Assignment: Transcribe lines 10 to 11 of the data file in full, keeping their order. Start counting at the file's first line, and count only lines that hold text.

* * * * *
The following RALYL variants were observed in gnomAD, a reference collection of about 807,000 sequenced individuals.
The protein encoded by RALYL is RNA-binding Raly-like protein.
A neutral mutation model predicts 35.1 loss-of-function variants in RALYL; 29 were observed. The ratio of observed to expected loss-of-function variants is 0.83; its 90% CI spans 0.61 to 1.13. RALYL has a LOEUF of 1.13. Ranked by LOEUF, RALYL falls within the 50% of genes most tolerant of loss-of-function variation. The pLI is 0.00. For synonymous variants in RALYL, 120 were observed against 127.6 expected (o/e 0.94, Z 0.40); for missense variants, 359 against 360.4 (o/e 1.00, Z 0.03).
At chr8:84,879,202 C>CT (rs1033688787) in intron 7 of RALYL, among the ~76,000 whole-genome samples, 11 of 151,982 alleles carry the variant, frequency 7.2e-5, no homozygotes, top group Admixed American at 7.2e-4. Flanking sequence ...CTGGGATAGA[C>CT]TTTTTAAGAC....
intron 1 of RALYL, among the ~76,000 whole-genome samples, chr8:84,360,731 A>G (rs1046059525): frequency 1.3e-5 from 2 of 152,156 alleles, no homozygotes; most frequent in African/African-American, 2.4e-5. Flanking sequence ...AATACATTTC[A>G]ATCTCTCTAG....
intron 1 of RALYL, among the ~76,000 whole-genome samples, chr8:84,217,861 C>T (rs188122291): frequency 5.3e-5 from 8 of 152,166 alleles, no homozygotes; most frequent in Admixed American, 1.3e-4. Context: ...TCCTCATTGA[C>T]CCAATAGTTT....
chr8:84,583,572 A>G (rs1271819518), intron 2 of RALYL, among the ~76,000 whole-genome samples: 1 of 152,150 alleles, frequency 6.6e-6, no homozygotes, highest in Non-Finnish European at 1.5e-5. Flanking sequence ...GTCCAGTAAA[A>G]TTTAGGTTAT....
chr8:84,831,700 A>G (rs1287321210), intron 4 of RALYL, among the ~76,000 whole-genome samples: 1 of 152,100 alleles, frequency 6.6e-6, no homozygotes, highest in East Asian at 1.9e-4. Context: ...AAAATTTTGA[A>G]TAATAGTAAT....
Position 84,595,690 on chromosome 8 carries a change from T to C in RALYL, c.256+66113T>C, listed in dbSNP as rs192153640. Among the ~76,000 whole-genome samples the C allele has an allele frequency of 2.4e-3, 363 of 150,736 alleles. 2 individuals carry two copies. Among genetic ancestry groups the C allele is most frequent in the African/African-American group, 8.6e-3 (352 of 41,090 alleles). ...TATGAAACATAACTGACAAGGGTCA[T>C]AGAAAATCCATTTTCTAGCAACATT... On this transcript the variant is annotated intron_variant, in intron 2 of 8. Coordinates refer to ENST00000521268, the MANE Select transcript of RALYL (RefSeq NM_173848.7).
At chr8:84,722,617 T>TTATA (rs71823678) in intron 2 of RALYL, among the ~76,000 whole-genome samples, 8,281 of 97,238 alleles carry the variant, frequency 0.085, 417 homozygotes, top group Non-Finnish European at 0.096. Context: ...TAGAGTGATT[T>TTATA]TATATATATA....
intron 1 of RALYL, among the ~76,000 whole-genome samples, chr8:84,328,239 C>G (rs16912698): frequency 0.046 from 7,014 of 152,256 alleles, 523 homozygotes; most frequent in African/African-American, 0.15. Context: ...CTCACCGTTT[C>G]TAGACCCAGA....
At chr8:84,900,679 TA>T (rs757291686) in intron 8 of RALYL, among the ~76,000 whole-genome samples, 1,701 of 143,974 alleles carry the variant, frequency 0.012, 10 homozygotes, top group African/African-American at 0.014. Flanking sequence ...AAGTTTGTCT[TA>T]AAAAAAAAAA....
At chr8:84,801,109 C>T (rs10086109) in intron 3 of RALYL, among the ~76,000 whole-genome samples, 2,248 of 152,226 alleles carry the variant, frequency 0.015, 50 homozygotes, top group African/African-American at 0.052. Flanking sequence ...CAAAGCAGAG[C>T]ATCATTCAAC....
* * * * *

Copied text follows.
At chr8:84,722,617 T>TTATA (rs71823678) in intron 2 of RALYL, among the ~76,000 whole-genome samples, 8,281 of 97,238 alleles carry the variant, frequency 0.085, 417 homozygotes, top group Non-Finnish European at 0.096. Context: ...TAGAGTGATT[T>TTATA]TATATATATA....
intron 1 of RALYL, among the ~76,000 whole-genome samples, chr8:84,328,239 C>G (rs16912698): frequency 0.046 from 7,014 of 152,256 alleles, 523 homozygotes; most frequent in African/African-American, 0.15. Context: ...CTCACCGTTT[C>G]TAGACCCAGA....